Eat plenty of cinnamon for good taste and great health
Cinnamon is one of the best known and best loved spices in all the world, and in earlier times a few grams of cinnamon could bring a king’s ransom on the open market. While the cost of this great spice is quite reasonable today, cinnamon remains one of the world’s most valuable substances in terms of its effects on health and nutrition.
Traditional uses of cinnamon
Many traditional cultures around the world have been using cinnamon not just as an ingredient in their favorite dishes but as a medicine as well. In fact, cinnamon has been valued highly for its medicinal properties for hundreds, perhaps even thousands of years.
New scientific evidence
One of the areas in which cinnamon has shown great promise in clinical studies is in the treatment of type 2 diabetes. A recent study in the Diabetes Care journal has found that the ingestion of just a half a teaspoon of cinnamon every day significantly reduced the level of blood sugar in those with type 2 diabetes. In addition, the same study found that cinnamon was able to reduce triglycerides, LDL (bad) cholesterol and total cholesterol levels in the same study participants.
Some of the many health benefits thought to stem from cinnamon include:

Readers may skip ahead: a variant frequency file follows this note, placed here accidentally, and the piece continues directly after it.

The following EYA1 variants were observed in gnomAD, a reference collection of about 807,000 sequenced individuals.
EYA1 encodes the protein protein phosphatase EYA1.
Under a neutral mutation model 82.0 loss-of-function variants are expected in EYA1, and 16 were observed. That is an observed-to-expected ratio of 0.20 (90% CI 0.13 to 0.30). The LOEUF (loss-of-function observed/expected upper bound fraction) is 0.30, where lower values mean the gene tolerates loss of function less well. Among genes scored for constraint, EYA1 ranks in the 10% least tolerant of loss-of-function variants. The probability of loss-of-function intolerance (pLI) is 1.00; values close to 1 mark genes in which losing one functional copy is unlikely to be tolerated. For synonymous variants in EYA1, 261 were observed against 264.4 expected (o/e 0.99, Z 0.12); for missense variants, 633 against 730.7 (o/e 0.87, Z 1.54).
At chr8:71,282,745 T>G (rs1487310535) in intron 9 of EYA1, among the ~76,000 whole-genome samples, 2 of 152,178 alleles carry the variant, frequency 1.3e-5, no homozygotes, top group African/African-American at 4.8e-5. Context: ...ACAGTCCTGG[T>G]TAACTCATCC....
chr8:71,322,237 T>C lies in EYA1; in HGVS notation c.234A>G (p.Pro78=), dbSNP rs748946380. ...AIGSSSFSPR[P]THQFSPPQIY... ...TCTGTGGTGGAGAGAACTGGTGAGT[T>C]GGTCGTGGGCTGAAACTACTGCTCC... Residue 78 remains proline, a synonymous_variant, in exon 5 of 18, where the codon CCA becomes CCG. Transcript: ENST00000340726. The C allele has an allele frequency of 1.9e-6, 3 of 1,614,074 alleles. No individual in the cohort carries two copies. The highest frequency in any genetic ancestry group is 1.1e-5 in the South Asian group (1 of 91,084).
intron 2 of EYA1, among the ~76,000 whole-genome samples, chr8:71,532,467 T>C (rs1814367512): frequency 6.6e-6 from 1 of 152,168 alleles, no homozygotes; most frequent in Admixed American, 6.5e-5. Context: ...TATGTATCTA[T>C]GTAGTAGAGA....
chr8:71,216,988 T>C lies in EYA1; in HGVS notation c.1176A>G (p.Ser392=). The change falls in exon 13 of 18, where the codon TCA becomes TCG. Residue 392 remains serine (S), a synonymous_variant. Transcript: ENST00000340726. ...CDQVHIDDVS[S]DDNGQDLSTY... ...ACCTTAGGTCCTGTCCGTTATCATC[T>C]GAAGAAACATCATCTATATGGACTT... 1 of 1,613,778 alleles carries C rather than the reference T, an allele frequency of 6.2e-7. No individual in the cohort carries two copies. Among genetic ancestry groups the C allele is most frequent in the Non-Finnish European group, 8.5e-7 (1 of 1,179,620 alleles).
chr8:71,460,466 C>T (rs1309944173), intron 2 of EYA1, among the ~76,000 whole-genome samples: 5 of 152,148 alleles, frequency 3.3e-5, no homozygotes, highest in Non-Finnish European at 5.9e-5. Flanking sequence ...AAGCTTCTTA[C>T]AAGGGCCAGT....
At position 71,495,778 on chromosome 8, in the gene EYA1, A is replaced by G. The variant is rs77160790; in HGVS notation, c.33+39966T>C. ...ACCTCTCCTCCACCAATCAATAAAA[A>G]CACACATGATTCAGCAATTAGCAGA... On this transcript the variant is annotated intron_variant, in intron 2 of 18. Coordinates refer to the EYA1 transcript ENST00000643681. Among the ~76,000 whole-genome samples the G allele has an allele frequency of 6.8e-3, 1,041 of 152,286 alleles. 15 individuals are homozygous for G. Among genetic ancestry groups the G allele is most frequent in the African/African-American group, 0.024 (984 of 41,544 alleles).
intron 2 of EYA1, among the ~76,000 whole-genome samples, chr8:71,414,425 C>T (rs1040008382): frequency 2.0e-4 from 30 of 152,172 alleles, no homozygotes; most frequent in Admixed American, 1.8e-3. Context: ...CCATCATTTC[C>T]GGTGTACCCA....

Better digestion – Cinnamon and other related spices have long been used as a digestive aid, and those who suffer from stomach cramps, irritable bowel syndrome and other common stomach disorders often find that adding cinnamon to their favorite dish aids digestion.
Toning of tissues – There is considerable anecdotal evidence to suggest that cinnamon has the ability to tone and constrict tissues in the body.
Relief from congestion – Cinnamon and other spices have long been used to relieve the congestion that can come from colds, allergies and other common conditions.
Relief from muscle and joint pain and stiffness – Those who eat cinnamon on a regular basis often report that their muscle and joint pain and stiffness is reduced or even eliminated.
Relief from menstrual cramping and other discomfort – Cinnamon has long been used in the world of traditional medicine to treat the discomfort that accompanies menstruation, and many women report that a daily helping of cinnamon greatly reduces cramping, pain and other common menstrual complaints.
Thinning of the blood and better circulation – Like garlic, cinnamon acts as a blood thinning agent. Though not as powerful as garlic, cinnamon also acts to thin the blood and increase circulation.
Relief from the pain of arthritis – Recent studies have suggested that cinnamon may contain anti-inflammatory compounds that may be useful in reducing the pain and inflammation associated with arthritis.
Prevention of urinary tract infections – Many of those who eat cinnamon on a regular basis report a lower incidence of urinary tract infections.
Prevention of tooth decay and gum disease – Likewise there is considerable anecdotal evidence that cinnamon may be helpful in the prevention of tooth decay and gum disease.
Killing harmful bacteria – Cinnamon has been shown to be a powerful antimicrobial agent, one that has the ability to kill such common germs as E. coli and other harmful bacteria.